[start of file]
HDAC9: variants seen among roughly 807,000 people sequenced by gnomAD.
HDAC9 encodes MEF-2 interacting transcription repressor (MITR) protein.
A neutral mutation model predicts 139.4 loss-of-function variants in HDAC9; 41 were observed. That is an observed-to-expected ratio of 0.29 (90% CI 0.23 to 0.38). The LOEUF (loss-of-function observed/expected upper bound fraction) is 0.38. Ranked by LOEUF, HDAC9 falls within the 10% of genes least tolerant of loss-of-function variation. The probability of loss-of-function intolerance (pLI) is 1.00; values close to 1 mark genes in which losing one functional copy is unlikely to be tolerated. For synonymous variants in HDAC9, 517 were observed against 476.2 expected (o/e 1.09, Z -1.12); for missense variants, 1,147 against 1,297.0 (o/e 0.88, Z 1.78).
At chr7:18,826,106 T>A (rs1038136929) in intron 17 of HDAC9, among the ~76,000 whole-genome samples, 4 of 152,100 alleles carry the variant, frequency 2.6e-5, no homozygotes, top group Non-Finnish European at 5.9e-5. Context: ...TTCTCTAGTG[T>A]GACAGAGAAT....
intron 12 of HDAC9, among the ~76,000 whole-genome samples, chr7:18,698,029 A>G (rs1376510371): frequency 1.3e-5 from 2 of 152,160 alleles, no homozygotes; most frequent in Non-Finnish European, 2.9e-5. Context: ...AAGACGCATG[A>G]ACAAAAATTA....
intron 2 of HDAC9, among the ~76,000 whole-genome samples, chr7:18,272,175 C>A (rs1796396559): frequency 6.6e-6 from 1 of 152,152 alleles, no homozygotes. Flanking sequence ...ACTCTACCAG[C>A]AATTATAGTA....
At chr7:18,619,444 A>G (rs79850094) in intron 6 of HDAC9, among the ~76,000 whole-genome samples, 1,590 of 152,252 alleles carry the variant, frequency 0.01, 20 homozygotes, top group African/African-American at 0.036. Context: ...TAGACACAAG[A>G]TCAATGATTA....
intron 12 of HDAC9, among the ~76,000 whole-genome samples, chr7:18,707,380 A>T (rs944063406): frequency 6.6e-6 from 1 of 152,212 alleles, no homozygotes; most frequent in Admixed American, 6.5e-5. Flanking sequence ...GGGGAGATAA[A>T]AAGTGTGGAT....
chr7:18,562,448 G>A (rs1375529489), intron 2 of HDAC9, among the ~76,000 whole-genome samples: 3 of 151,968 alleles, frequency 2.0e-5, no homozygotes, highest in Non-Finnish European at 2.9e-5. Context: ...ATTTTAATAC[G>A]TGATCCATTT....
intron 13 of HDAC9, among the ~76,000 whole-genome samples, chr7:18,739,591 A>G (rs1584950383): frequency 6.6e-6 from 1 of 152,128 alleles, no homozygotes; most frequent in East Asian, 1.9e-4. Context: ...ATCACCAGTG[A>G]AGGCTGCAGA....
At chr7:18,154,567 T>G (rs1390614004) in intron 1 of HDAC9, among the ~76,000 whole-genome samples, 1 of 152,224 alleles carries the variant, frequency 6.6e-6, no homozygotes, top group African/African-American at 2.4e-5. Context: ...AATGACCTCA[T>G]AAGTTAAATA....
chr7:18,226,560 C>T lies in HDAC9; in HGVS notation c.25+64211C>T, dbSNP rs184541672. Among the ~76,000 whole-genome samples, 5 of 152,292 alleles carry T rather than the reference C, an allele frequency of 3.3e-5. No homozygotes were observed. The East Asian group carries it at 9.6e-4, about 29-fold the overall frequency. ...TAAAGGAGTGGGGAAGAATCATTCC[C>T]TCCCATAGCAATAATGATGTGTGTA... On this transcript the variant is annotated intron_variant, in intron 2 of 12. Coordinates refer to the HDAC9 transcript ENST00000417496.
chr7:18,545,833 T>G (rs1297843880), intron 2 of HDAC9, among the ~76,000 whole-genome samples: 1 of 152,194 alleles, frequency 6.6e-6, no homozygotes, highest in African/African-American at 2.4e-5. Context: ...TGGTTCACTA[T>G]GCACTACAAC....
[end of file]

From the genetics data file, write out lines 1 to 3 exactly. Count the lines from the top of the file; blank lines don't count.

HDAC9: variants seen among roughly 807,000 people sequenced by gnomAD.
HDAC9 encodes MEF-2 interacting transcription repressor (MITR) protein.
A neutral mutation model predicts 139.4 loss-of-function variants in HDAC9; 41 were observed. That is an observed-to-expected ratio of 0.29 (90% CI 0.23 to 0.38). The LOEUF (loss-of-function observed/expected upper bound fraction) is 0.38. Ranked by LOEUF, HDAC9 falls within the 10% of genes least tolerant of loss-of-function variation. The probability of loss-of-function intolerance (pLI) is 1.00; values close to 1 mark genes in which losing one functional copy is unlikely to be tolerated. For synonymous variants in HDAC9, 517 were observed against 476.2 expected (o/e 1.09, Z -1.12); for missense variants, 1,147 against 1,297.0 (o/e 0.88, Z 1.78).